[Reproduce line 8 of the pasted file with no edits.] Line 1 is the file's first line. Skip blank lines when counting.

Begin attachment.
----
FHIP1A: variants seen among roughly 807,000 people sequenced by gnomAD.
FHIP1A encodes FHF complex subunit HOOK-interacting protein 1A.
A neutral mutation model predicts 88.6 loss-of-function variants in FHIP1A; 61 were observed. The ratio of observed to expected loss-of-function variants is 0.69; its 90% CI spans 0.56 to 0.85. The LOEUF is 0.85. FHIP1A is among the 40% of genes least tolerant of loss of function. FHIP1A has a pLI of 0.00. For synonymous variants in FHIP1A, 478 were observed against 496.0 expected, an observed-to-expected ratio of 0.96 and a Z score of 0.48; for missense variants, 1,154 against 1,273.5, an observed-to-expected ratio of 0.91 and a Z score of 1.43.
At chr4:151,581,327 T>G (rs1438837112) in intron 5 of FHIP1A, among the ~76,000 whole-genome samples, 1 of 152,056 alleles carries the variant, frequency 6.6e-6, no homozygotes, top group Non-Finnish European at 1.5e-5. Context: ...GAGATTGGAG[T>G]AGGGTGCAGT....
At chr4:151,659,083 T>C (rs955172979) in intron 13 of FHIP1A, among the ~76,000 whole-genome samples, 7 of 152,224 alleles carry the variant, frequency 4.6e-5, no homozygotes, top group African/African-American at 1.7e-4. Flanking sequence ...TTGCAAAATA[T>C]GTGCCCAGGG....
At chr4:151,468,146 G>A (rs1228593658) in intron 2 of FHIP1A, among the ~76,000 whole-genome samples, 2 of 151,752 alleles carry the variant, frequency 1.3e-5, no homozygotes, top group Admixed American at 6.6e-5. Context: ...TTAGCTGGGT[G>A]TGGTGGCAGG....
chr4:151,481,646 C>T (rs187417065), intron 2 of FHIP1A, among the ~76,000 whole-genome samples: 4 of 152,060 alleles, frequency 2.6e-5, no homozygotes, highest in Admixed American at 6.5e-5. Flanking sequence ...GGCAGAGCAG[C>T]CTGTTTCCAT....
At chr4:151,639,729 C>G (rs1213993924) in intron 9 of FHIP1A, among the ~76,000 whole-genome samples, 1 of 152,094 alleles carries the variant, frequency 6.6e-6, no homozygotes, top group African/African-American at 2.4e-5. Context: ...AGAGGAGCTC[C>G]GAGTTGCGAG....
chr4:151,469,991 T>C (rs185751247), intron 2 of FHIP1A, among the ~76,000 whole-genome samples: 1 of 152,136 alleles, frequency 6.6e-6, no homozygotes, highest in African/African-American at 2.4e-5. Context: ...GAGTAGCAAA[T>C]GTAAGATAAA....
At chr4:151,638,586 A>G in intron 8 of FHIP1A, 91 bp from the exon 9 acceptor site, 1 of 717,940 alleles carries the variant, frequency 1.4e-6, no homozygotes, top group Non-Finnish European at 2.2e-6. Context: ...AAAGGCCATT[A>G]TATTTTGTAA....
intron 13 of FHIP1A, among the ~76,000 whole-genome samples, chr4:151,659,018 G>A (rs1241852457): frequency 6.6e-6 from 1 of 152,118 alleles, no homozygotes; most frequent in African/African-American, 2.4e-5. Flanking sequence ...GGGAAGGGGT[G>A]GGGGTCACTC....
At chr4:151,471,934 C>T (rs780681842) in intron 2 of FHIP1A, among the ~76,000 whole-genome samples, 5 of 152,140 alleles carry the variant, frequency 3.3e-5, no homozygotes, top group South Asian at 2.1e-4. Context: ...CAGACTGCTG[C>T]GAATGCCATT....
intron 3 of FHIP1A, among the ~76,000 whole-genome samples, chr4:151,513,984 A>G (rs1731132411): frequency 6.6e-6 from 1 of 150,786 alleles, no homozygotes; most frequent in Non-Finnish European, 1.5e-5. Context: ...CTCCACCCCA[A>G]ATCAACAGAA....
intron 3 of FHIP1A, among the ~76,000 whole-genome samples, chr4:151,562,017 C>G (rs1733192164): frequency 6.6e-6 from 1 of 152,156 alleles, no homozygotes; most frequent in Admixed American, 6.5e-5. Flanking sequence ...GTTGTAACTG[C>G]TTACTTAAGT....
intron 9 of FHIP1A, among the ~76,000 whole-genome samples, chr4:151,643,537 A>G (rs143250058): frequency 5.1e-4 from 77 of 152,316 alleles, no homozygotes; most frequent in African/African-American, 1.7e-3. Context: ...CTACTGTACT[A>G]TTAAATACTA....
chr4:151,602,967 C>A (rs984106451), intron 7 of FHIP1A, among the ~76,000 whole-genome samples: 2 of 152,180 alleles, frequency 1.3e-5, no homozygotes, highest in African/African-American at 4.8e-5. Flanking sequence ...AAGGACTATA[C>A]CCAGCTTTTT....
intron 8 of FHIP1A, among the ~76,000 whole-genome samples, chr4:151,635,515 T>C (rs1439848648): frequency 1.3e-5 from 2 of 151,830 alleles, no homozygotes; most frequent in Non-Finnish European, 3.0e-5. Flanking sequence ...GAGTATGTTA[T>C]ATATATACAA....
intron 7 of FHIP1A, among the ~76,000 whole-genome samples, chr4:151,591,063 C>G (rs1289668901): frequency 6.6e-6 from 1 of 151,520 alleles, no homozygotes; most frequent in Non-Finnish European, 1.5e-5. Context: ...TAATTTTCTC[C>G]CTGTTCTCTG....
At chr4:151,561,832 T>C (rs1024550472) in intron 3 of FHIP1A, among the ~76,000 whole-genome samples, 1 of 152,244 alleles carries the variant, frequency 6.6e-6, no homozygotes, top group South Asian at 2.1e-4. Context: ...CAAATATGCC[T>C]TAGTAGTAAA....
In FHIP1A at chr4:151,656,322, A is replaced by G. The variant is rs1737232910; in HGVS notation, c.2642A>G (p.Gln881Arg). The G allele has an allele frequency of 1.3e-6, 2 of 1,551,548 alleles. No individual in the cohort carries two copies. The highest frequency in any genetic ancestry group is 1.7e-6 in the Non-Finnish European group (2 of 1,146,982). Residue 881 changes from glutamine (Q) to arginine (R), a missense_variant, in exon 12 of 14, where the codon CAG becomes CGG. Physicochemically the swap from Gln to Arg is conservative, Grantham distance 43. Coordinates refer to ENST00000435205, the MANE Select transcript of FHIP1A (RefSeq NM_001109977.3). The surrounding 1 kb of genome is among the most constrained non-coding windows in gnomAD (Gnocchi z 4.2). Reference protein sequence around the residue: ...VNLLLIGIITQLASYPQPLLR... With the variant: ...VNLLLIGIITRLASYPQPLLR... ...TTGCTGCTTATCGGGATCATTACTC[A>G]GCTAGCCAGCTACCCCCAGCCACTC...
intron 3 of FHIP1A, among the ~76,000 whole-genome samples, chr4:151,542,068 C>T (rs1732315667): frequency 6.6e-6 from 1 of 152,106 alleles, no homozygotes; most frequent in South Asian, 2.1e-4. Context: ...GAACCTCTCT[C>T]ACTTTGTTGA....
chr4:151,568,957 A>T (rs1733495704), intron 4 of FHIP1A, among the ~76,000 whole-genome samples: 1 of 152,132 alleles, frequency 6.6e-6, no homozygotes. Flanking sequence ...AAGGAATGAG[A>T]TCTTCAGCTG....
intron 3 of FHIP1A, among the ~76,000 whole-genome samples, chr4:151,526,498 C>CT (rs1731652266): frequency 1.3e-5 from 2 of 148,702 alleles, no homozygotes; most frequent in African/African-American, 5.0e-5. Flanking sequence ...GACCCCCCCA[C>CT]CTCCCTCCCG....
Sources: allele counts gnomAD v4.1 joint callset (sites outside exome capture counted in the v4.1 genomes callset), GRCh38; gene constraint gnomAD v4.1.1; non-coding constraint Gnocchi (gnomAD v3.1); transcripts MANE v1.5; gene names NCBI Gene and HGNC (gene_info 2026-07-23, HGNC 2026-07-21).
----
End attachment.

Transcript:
At chr4:151,639,729 C>G (rs1213993924) in intron 9 of FHIP1A, among the ~76,000 whole-genome samples, 1 of 152,094 alleles carries the variant, frequency 6.6e-6, no homozygotes, top group African/African-American at 2.4e-5. Context: ...AGAGGAGCTC[C>G]GAGTTGCGAG....